Katie, a young adult with autism, has found her voice and purpose helping farm animals and nature at Dream Catcher Meadows, a small 501c3 nonprofit green care farm in Potomac, MD.
During the first few months of the pandemic, Katie had been sitting at home in virtual school sessions and missing out on hands-on skill development, as programs planned through the Department of Rehabilitation Services (DORS) were shut down. She was already dissatisfied with her prior job skills training (i.e., stocking CVS shelves and elderly care without supervision).
Her mother, Alicia, learned about Dream Catcher Meadows in June, through a co-worker who was volunteering with her sons over the summer. Alicia and Katie loved the idea of combining animals/nature with education and health, and have been helping out on the farm frequently since then. Please hear Katie speak for herself about her experiences in the attached video!
We are building Dream Catcher Meadows in order to provide a place for youth with neurodevelopmental disorders including autism, fetal alcohol spectrum disorder and related conditions to thrive. These individuals need a low-stress environment to learn social, practical, and other life skills to integrate into the wider society. The farm provides a biodynamic educational environment, incorporating experiencial learning and interactions with hand-raised farm animals, gardening, grounds-keeping and small maintenance projects.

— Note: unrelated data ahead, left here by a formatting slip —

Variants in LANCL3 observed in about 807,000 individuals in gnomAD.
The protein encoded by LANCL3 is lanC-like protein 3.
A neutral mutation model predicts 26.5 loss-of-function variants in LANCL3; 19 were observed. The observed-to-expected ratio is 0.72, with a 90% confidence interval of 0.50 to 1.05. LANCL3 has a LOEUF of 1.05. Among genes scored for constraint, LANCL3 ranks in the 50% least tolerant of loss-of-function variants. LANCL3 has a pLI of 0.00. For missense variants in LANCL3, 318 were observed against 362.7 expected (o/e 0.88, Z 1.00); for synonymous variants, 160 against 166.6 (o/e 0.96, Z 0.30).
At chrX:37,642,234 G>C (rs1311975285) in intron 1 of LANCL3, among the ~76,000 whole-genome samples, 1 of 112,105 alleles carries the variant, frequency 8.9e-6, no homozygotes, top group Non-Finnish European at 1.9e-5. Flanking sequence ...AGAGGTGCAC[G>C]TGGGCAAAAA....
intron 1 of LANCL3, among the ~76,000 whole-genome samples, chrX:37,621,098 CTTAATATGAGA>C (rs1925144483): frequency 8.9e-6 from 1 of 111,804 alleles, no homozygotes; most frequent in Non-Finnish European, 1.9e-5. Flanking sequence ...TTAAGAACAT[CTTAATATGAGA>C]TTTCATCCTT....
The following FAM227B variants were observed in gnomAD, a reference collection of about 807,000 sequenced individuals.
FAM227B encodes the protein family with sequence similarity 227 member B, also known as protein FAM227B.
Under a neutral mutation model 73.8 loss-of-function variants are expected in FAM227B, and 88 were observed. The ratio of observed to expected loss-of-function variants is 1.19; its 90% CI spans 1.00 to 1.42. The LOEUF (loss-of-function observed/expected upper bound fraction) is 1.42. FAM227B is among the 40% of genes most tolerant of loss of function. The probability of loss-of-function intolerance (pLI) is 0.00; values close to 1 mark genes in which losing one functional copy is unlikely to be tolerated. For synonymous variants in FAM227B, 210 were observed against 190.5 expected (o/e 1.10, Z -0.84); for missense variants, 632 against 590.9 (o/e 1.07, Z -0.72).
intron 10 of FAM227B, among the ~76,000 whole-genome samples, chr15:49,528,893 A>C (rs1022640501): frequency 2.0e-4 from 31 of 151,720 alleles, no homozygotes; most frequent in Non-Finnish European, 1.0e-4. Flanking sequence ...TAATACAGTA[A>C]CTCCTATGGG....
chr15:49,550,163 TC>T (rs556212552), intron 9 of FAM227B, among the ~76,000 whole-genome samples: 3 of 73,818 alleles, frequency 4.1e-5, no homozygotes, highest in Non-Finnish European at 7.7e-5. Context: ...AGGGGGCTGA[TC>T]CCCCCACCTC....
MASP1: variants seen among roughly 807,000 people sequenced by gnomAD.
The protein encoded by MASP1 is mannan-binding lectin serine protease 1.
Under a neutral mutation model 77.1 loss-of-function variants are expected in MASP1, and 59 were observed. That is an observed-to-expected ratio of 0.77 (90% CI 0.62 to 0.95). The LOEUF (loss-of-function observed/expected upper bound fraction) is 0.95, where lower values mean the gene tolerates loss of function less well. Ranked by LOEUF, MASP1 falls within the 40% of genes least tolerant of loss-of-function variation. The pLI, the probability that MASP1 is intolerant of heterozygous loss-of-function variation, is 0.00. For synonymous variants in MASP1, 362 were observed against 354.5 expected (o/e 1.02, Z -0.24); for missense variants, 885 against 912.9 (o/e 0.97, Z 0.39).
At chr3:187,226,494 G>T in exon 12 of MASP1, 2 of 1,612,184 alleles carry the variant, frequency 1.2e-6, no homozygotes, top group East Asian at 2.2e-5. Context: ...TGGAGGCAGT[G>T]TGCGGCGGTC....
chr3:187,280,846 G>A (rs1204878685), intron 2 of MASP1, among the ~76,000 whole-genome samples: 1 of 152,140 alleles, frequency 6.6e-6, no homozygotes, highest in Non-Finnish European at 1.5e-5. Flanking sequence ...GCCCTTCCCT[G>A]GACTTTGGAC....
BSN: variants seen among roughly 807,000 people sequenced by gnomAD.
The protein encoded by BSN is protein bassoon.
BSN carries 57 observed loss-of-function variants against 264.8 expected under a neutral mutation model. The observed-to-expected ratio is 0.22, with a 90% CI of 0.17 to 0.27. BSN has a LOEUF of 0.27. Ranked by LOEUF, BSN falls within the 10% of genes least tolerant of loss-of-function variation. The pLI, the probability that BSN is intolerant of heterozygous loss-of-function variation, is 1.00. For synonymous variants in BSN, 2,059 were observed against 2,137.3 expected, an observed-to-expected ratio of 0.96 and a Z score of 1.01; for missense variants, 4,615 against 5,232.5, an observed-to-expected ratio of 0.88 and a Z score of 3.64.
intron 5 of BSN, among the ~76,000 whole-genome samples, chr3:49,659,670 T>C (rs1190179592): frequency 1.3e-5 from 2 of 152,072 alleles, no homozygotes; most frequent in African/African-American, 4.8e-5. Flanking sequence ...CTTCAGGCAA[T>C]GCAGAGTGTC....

To-date, our basic farm operations have been funded primarily through contributions by the Founder, Dr. Susan Rich, as well as some limited paid programs, small donations and sales of farm products. In January 2020, Chief Sustainability Officer and farm manager, Jeremy Fedors, joined the team to coordinate volunteers, perform daily animal care, complete repairs and maintenance, and conduct administrative/outreach work. He has been compensated with housing on the farm for a minimum of 20 hours of volunteering per week, as well as a part-time paid position from January through mid-August, at which point funding was no longer available to keep him employed past the 20 hours.
Despite the setbacks brought on by the pandemic, we were able to open the farm to several youth during the summer and fall, but our ability to plan and supervise activities is fairly limited due to funding constraints, as well as the administrative work hours needed to get the project into full operation. We are working to formalize and expand these youth programs into a DORS (state-funded) reimbursable vocational program, and we hope to hire a vocational specialist to work in tandem with Jeremy running farm operations. In the meantime, this campaign will help fund basic farm operations (animal feed, vet bills, tools/equipment, maintenance, and Jeremy's salary).
Please consider making a tax-deductible contribution to support our efforts to provide a safe, healthy, natural environment for youth!